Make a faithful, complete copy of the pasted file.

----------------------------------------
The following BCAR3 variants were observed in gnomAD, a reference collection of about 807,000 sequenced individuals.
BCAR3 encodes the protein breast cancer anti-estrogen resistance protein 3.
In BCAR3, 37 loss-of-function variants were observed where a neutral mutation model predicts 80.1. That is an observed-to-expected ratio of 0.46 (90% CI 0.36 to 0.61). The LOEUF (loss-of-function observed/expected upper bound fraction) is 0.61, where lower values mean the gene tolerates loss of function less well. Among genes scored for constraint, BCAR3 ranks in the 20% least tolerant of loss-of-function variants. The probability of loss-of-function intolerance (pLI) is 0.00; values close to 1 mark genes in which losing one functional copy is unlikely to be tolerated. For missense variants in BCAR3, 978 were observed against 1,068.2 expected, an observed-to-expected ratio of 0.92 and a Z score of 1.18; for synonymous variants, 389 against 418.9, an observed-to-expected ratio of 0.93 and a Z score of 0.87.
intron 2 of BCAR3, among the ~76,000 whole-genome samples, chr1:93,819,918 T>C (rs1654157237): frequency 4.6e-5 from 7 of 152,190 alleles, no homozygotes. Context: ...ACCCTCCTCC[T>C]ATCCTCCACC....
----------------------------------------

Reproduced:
The following BCAR3 variants were observed in gnomAD, a reference collection of about 807,000 sequenced individuals.
BCAR3 encodes the protein breast cancer anti-estrogen resistance protein 3.
In BCAR3, 37 loss-of-function variants were observed where a neutral mutation model predicts 80.1. That is an observed-to-expected ratio of 0.46 (90% CI 0.36 to 0.61). The LOEUF (loss-of-function observed/expected upper bound fraction) is 0.61, where lower values mean the gene tolerates loss of function less well. Among genes scored for constraint, BCAR3 ranks in the 20% least tolerant of loss-of-function variants. The probability of loss-of-function intolerance (pLI) is 0.00; values close to 1 mark genes in which losing one functional copy is unlikely to be tolerated. For missense variants in BCAR3, 978 were observed against 1,068.2 expected, an observed-to-expected ratio of 0.92 and a Z score of 1.18; for synonymous variants, 389 against 418.9, an observed-to-expected ratio of 0.93 and a Z score of 0.87.
intron 2 of BCAR3, among the ~76,000 whole-genome samples, chr1:93,819,918 T>C (rs1654157237): frequency 4.6e-5 from 7 of 152,190 alleles, no homozygotes. Context: ...ACCCTCCTCC[T>C]ATCCTCCACC....